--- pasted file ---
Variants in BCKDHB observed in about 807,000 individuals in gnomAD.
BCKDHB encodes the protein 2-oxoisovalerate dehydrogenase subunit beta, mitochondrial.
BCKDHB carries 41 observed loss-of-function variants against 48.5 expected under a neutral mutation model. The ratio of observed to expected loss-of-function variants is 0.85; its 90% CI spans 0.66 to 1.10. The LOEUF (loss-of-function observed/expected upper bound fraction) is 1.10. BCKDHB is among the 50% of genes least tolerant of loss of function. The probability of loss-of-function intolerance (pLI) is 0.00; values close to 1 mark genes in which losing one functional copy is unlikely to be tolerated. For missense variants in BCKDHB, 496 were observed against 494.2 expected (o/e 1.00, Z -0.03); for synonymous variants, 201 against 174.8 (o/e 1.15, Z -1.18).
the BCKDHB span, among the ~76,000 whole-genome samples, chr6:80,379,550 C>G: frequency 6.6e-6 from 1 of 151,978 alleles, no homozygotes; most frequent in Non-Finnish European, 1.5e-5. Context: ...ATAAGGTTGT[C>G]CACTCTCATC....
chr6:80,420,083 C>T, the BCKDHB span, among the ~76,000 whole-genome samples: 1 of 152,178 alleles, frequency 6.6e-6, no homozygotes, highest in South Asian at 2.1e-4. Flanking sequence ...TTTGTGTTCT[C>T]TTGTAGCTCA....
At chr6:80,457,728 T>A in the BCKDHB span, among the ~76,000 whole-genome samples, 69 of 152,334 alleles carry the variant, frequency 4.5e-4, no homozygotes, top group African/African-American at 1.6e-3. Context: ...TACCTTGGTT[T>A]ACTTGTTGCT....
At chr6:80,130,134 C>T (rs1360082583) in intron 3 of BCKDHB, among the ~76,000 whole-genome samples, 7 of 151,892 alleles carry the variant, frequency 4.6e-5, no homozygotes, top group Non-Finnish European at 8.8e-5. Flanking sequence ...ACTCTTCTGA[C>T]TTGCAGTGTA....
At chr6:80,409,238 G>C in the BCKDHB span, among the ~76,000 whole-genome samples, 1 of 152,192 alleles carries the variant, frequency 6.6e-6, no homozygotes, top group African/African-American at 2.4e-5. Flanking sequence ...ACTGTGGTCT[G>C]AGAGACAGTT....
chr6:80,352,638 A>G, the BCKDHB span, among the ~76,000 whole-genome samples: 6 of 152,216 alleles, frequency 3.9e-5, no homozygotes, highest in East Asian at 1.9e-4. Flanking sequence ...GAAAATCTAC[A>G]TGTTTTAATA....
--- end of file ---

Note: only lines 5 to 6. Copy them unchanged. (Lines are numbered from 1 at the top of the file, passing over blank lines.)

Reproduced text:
chr6:80,420,083 C>T, the BCKDHB span, among the ~76,000 whole-genome samples: 1 of 152,178 alleles, frequency 6.6e-6, no homozygotes, highest in South Asian at 2.1e-4. Flanking sequence ...TTTGTGTTCT[C>T]TTGTAGCTCA....
At chr6:80,457,728 T>A in the BCKDHB span, among the ~76,000 whole-genome samples, 69 of 152,334 alleles carry the variant, frequency 4.5e-4, no homozygotes, top group African/African-American at 1.6e-3. Context: ...TACCTTGGTT[T>A]ACTTGTTGCT....